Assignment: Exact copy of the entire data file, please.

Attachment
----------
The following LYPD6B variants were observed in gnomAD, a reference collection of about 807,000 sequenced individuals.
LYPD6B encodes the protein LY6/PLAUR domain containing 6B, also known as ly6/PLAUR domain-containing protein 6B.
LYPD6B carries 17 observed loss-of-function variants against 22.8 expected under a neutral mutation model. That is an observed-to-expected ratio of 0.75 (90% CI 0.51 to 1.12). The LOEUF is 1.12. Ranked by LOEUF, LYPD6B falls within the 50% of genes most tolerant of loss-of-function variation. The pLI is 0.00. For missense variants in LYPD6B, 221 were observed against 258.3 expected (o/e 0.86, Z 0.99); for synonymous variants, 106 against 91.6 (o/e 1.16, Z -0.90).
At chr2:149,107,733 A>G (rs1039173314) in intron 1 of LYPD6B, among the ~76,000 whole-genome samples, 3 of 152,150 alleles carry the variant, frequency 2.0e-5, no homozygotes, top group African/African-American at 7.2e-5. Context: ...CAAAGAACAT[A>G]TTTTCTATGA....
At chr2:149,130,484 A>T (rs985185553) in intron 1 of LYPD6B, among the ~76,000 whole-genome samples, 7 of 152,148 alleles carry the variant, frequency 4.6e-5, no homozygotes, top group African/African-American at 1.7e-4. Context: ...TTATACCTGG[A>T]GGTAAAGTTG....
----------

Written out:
The following LYPD6B variants were observed in gnomAD, a reference collection of about 807,000 sequenced individuals.
LYPD6B encodes the protein LY6/PLAUR domain containing 6B, also known as ly6/PLAUR domain-containing protein 6B.
LYPD6B carries 17 observed loss-of-function variants against 22.8 expected under a neutral mutation model. That is an observed-to-expected ratio of 0.75 (90% CI 0.51 to 1.12). The LOEUF is 1.12. Ranked by LOEUF, LYPD6B falls within the 50% of genes most tolerant of loss-of-function variation. The pLI is 0.00. For missense variants in LYPD6B, 221 were observed against 258.3 expected (o/e 0.86, Z 0.99); for synonymous variants, 106 against 91.6 (o/e 1.16, Z -0.90).
At chr2:149,107,733 A>G (rs1039173314) in intron 1 of LYPD6B, among the ~76,000 whole-genome samples, 3 of 152,150 alleles carry the variant, frequency 2.0e-5, no homozygotes, top group African/African-American at 7.2e-5. Context: ...CAAAGAACAT[A>G]TTTTCTATGA....
At chr2:149,130,484 A>T (rs985185553) in intron 1 of LYPD6B, among the ~76,000 whole-genome samples, 7 of 152,148 alleles carry the variant, frequency 4.6e-5, no homozygotes, top group African/African-American at 1.7e-4. Context: ...TTATACCTGG[A>T]GGTAAAGTTG....